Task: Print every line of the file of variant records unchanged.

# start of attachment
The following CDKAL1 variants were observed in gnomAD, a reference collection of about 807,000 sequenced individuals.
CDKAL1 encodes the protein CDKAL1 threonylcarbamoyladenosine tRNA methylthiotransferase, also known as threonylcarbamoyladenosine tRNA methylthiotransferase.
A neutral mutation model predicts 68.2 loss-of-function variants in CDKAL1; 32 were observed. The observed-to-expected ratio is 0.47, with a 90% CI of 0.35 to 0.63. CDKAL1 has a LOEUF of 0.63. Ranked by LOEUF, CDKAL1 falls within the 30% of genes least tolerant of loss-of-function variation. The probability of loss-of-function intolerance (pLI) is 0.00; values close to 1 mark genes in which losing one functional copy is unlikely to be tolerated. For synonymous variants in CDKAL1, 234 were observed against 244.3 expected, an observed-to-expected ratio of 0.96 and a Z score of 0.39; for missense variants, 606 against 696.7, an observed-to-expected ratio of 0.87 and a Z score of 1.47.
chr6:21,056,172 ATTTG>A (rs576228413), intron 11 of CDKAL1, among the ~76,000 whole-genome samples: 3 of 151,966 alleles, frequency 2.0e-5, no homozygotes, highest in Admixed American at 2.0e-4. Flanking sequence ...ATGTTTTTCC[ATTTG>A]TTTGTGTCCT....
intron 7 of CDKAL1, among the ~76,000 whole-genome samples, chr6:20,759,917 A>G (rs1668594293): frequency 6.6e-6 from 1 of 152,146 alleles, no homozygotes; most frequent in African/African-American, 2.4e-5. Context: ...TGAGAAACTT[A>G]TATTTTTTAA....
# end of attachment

The following CDKAL1 variants were observed in gnomAD, a reference collection of about 807,000 sequenced individuals.
CDKAL1 encodes the protein CDKAL1 threonylcarbamoyladenosine tRNA methylthiotransferase, also known as threonylcarbamoyladenosine tRNA methylthiotransferase.
A neutral mutation model predicts 68.2 loss-of-function variants in CDKAL1; 32 were observed. The observed-to-expected ratio is 0.47, with a 90% CI of 0.35 to 0.63. CDKAL1 has a LOEUF of 0.63. Ranked by LOEUF, CDKAL1 falls within the 30% of genes least tolerant of loss-of-function variation. The probability of loss-of-function intolerance (pLI) is 0.00; values close to 1 mark genes in which losing one functional copy is unlikely to be tolerated. For synonymous variants in CDKAL1, 234 were observed against 244.3 expected, an observed-to-expected ratio of 0.96 and a Z score of 0.39; for missense variants, 606 against 696.7, an observed-to-expected ratio of 0.87 and a Z score of 1.47.
chr6:21,056,172 ATTTG>A (rs576228413), intron 11 of CDKAL1, among the ~76,000 whole-genome samples: 3 of 151,966 alleles, frequency 2.0e-5, no homozygotes, highest in Admixed American at 2.0e-4. Flanking sequence ...ATGTTTTTCC[ATTTG>A]TTTGTGTCCT....
intron 7 of CDKAL1, among the ~76,000 whole-genome samples, chr6:20,759,917 A>G (rs1668594293): frequency 6.6e-6 from 1 of 152,146 alleles, no homozygotes; most frequent in African/African-American, 2.4e-5. Context: ...TGAGAAACTT[A>G]TATTTTTTAA....